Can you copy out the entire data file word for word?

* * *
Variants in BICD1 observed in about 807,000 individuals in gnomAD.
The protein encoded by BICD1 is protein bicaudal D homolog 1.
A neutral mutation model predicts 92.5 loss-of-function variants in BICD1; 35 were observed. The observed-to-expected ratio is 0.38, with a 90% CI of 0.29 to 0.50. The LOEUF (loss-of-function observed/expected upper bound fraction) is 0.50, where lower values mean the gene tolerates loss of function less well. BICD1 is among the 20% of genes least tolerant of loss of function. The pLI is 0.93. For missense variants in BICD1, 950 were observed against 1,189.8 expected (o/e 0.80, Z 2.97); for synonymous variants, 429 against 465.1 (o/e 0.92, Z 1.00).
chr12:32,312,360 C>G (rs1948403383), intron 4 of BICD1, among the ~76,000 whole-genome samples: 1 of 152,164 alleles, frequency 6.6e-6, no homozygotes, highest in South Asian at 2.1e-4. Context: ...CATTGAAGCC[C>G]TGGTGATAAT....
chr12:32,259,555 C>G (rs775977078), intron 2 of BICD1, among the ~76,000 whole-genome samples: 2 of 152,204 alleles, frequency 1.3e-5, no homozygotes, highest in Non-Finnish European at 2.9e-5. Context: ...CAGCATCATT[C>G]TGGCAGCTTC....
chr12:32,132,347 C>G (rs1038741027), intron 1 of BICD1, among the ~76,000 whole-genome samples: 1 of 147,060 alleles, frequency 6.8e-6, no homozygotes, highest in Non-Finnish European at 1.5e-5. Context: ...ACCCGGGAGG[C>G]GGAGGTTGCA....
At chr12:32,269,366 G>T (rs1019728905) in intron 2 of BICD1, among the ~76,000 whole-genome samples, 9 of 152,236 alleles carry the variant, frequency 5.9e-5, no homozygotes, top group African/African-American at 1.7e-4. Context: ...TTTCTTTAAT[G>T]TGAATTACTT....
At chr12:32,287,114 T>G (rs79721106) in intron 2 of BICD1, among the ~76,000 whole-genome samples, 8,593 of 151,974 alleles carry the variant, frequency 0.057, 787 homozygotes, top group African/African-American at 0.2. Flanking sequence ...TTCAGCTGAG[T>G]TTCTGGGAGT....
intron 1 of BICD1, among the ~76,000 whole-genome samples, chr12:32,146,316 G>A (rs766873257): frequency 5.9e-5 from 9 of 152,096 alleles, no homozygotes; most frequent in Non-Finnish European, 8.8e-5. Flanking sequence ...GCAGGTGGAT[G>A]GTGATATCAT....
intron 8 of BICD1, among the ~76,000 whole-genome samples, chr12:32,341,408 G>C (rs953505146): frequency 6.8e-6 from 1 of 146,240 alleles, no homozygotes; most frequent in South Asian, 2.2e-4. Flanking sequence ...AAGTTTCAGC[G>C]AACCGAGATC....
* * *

Variants in BICD1 observed in about 807,000 individuals in gnomAD.
The protein encoded by BICD1 is protein bicaudal D homolog 1.
A neutral mutation model predicts 92.5 loss-of-function variants in BICD1; 35 were observed. The observed-to-expected ratio is 0.38, with a 90% CI of 0.29 to 0.50. The LOEUF (loss-of-function observed/expected upper bound fraction) is 0.50, where lower values mean the gene tolerates loss of function less well. BICD1 is among the 20% of genes least tolerant of loss of function. The pLI is 0.93. For missense variants in BICD1, 950 were observed against 1,189.8 expected (o/e 0.80, Z 2.97); for synonymous variants, 429 against 465.1 (o/e 0.92, Z 1.00).
chr12:32,312,360 C>G (rs1948403383), intron 4 of BICD1, among the ~76,000 whole-genome samples: 1 of 152,164 alleles, frequency 6.6e-6, no homozygotes, highest in South Asian at 2.1e-4. Context: ...CATTGAAGCC[C>G]TGGTGATAAT....
chr12:32,259,555 C>G (rs775977078), intron 2 of BICD1, among the ~76,000 whole-genome samples: 2 of 152,204 alleles, frequency 1.3e-5, no homozygotes, highest in Non-Finnish European at 2.9e-5. Context: ...CAGCATCATT[C>G]TGGCAGCTTC....
chr12:32,132,347 C>G (rs1038741027), intron 1 of BICD1, among the ~76,000 whole-genome samples: 1 of 147,060 alleles, frequency 6.8e-6, no homozygotes, highest in Non-Finnish European at 1.5e-5. Context: ...ACCCGGGAGG[C>G]GGAGGTTGCA....
At chr12:32,269,366 G>T (rs1019728905) in intron 2 of BICD1, among the ~76,000 whole-genome samples, 9 of 152,236 alleles carry the variant, frequency 5.9e-5, no homozygotes, top group African/African-American at 1.7e-4. Context: ...TTTCTTTAAT[G>T]TGAATTACTT....
At chr12:32,287,114 T>G (rs79721106) in intron 2 of BICD1, among the ~76,000 whole-genome samples, 8,593 of 151,974 alleles carry the variant, frequency 0.057, 787 homozygotes, top group African/African-American at 0.2. Flanking sequence ...TTCAGCTGAG[T>G]TTCTGGGAGT....
intron 1 of BICD1, among the ~76,000 whole-genome samples, chr12:32,146,316 G>A (rs766873257): frequency 5.9e-5 from 9 of 152,096 alleles, no homozygotes; most frequent in Non-Finnish European, 8.8e-5. Flanking sequence ...GCAGGTGGAT[G>A]GTGATATCAT....
intron 8 of BICD1, among the ~76,000 whole-genome samples, chr12:32,341,408 G>C (rs953505146): frequency 6.8e-6 from 1 of 146,240 alleles, no homozygotes; most frequent in South Asian, 2.2e-4. Flanking sequence ...AAGTTTCAGC[G>C]AACCGAGATC....